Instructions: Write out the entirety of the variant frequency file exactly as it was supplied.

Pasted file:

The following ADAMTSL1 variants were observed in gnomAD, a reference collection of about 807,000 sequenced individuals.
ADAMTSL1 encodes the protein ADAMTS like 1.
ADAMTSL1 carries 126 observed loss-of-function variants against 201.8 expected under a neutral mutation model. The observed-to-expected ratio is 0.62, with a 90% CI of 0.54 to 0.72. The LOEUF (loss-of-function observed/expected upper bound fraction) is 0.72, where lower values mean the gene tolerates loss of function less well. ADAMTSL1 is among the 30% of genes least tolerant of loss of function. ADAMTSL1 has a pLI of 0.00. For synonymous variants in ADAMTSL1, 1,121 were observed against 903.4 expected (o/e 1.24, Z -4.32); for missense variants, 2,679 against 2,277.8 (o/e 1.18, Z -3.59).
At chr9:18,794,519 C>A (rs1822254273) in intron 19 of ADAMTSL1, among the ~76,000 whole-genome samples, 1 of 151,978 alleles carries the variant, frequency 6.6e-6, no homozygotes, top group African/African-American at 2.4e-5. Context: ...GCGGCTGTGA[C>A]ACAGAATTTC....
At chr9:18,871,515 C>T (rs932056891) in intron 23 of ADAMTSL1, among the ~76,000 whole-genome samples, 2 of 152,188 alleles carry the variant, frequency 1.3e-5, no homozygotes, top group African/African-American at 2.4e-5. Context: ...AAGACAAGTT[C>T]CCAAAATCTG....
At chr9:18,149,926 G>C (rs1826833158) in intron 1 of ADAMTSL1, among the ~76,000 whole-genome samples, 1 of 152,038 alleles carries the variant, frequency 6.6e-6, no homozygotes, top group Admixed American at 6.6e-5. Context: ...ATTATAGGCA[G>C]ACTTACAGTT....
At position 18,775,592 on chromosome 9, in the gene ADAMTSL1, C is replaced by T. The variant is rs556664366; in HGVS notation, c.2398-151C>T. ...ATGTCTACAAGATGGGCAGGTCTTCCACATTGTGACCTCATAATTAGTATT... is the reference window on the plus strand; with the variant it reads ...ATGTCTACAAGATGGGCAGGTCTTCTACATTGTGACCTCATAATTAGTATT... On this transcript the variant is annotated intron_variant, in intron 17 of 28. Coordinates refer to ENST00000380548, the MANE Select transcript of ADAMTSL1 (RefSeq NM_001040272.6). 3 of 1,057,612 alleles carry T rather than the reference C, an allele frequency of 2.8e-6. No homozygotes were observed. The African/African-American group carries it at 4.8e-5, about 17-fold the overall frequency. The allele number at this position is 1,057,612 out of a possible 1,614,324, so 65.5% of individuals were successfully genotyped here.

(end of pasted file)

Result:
The following ADAMTSL1 variants were observed in gnomAD, a reference collection of about 807,000 sequenced individuals.
ADAMTSL1 encodes the protein ADAMTS like 1.
ADAMTSL1 carries 126 observed loss-of-function variants against 201.8 expected under a neutral mutation model. The observed-to-expected ratio is 0.62, with a 90% CI of 0.54 to 0.72. The LOEUF (loss-of-function observed/expected upper bound fraction) is 0.72, where lower values mean the gene tolerates loss of function less well. ADAMTSL1 is among the 30% of genes least tolerant of loss of function. ADAMTSL1 has a pLI of 0.00. For synonymous variants in ADAMTSL1, 1,121 were observed against 903.4 expected (o/e 1.24, Z -4.32); for missense variants, 2,679 against 2,277.8 (o/e 1.18, Z -3.59).
At chr9:18,794,519 C>A (rs1822254273) in intron 19 of ADAMTSL1, among the ~76,000 whole-genome samples, 1 of 151,978 alleles carries the variant, frequency 6.6e-6, no homozygotes, top group African/African-American at 2.4e-5. Context: ...GCGGCTGTGA[C>A]ACAGAATTTC....
At chr9:18,871,515 C>T (rs932056891) in intron 23 of ADAMTSL1, among the ~76,000 whole-genome samples, 2 of 152,188 alleles carry the variant, frequency 1.3e-5, no homozygotes, top group African/African-American at 2.4e-5. Context: ...AAGACAAGTT[C>T]CCAAAATCTG....
At chr9:18,149,926 G>C (rs1826833158) in intron 1 of ADAMTSL1, among the ~76,000 whole-genome samples, 1 of 152,038 alleles carries the variant, frequency 6.6e-6, no homozygotes, top group Admixed American at 6.6e-5. Context: ...ATTATAGGCA[G>C]ACTTACAGTT....
At position 18,775,592 on chromosome 9, in the gene ADAMTSL1, C is replaced by T. The variant is rs556664366; in HGVS notation, c.2398-151C>T. ...ATGTCTACAAGATGGGCAGGTCTTCCACATTGTGACCTCATAATTAGTATT... is the reference window on the plus strand; with the variant it reads ...ATGTCTACAAGATGGGCAGGTCTTCTACATTGTGACCTCATAATTAGTATT... On this transcript the variant is annotated intron_variant, in intron 17 of 28. Coordinates refer to ENST00000380548, the MANE Select transcript of ADAMTSL1 (RefSeq NM_001040272.6). 3 of 1,057,612 alleles carry T rather than the reference C, an allele frequency of 2.8e-6. No homozygotes were observed. The African/African-American group carries it at 4.8e-5, about 17-fold the overall frequency. The allele number at this position is 1,057,612 out of a possible 1,614,324, so 65.5% of individuals were successfully genotyped here.